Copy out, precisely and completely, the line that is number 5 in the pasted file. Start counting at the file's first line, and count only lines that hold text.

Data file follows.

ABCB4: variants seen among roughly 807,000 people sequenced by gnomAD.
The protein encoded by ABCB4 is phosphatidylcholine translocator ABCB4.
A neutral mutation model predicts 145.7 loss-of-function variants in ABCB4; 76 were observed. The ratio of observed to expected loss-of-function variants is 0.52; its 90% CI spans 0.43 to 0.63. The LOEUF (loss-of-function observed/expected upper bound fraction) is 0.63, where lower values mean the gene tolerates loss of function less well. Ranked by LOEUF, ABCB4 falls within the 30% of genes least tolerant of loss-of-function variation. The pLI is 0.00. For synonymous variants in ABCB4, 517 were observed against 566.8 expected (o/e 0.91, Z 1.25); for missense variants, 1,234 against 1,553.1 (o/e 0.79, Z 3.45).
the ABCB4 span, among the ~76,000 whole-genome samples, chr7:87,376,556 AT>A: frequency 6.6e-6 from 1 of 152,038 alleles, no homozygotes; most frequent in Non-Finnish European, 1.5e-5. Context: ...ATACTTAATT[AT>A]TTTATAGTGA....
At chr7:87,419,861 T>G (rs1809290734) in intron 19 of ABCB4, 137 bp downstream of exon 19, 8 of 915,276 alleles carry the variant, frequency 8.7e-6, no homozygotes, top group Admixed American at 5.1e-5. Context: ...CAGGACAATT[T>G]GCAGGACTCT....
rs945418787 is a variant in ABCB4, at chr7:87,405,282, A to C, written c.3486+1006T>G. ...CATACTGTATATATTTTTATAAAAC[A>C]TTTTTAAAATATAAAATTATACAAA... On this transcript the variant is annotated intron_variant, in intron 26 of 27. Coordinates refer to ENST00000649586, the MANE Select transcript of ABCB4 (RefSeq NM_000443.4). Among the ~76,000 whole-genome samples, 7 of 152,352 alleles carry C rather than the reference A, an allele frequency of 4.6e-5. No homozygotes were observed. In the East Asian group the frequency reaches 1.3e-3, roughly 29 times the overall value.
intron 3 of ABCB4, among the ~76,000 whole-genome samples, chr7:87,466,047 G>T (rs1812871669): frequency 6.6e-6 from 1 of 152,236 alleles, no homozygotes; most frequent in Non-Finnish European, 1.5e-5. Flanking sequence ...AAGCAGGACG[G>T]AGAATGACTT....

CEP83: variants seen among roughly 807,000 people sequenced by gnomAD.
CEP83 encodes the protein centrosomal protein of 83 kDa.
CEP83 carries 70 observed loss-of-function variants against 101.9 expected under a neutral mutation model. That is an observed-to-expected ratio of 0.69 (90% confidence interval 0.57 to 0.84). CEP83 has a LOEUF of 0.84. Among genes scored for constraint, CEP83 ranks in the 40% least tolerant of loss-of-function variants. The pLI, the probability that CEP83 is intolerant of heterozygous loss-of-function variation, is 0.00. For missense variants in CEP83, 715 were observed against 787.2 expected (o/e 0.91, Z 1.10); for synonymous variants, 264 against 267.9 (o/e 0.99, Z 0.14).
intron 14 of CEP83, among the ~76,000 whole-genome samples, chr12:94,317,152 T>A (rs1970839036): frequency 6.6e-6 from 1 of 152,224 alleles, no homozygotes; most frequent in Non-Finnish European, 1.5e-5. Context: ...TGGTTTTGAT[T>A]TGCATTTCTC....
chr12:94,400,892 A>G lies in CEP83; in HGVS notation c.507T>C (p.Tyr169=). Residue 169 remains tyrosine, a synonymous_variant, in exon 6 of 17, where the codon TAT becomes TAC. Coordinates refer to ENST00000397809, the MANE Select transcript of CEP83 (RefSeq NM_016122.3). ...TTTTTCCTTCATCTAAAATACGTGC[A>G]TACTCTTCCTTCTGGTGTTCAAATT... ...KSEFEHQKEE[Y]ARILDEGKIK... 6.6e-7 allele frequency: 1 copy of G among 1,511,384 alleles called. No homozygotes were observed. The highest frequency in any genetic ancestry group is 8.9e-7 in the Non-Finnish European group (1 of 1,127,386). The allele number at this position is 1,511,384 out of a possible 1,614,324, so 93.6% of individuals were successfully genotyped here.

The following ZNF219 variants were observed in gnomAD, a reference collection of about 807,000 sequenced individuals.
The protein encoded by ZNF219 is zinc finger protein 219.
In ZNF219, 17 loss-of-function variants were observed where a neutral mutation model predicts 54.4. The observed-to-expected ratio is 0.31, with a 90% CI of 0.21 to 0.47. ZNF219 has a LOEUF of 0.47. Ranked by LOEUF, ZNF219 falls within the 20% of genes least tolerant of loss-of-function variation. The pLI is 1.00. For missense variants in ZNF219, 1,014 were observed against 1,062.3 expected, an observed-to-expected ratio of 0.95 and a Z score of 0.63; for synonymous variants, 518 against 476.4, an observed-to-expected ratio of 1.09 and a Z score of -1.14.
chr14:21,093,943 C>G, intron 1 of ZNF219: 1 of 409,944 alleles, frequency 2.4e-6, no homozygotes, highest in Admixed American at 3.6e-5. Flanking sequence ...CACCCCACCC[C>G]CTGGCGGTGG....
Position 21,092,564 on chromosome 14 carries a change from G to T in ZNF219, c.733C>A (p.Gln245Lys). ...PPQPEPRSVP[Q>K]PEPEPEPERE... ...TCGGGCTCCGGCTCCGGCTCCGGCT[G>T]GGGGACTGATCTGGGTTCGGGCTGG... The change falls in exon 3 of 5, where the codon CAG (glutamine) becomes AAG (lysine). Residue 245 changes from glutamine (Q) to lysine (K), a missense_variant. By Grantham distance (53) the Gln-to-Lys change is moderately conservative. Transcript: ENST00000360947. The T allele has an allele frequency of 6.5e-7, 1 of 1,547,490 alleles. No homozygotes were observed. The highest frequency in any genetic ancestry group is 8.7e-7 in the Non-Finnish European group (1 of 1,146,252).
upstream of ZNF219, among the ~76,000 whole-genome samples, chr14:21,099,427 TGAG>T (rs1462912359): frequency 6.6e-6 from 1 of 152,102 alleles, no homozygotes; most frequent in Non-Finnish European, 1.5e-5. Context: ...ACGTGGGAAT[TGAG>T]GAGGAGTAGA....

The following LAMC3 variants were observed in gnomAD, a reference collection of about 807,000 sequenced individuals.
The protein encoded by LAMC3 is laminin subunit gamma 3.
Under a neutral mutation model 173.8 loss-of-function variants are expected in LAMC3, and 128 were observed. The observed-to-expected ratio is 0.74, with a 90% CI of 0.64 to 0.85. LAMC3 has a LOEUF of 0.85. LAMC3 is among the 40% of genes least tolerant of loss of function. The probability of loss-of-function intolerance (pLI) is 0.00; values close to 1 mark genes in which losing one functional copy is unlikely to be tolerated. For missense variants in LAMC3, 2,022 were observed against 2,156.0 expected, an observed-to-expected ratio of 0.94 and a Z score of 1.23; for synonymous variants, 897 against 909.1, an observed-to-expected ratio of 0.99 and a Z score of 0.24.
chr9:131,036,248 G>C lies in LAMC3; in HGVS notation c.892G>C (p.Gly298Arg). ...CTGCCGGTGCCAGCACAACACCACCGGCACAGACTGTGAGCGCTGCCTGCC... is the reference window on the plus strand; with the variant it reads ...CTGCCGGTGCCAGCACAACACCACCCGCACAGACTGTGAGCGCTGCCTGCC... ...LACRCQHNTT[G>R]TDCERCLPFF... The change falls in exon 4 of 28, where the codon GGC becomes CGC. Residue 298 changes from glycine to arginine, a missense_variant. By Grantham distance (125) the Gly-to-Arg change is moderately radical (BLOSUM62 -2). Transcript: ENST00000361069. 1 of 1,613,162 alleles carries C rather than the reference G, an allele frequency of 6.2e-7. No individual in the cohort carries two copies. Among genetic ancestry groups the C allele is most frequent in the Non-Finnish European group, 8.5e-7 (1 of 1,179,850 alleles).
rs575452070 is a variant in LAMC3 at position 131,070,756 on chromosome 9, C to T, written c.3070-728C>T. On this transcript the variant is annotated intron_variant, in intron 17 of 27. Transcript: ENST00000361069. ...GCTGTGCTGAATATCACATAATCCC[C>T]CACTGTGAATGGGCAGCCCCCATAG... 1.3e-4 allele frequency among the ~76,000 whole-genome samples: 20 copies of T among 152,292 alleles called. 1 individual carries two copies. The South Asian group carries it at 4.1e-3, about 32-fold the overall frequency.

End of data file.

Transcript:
At chr7:87,419,861 T>G (rs1809290734) in intron 19 of ABCB4, 137 bp downstream of exon 19, 8 of 915,276 alleles carry the variant, frequency 8.7e-6, no homozygotes, top group Admixed American at 5.1e-5. Context: ...CAGGACAATT[T>G]GCAGGACTCT....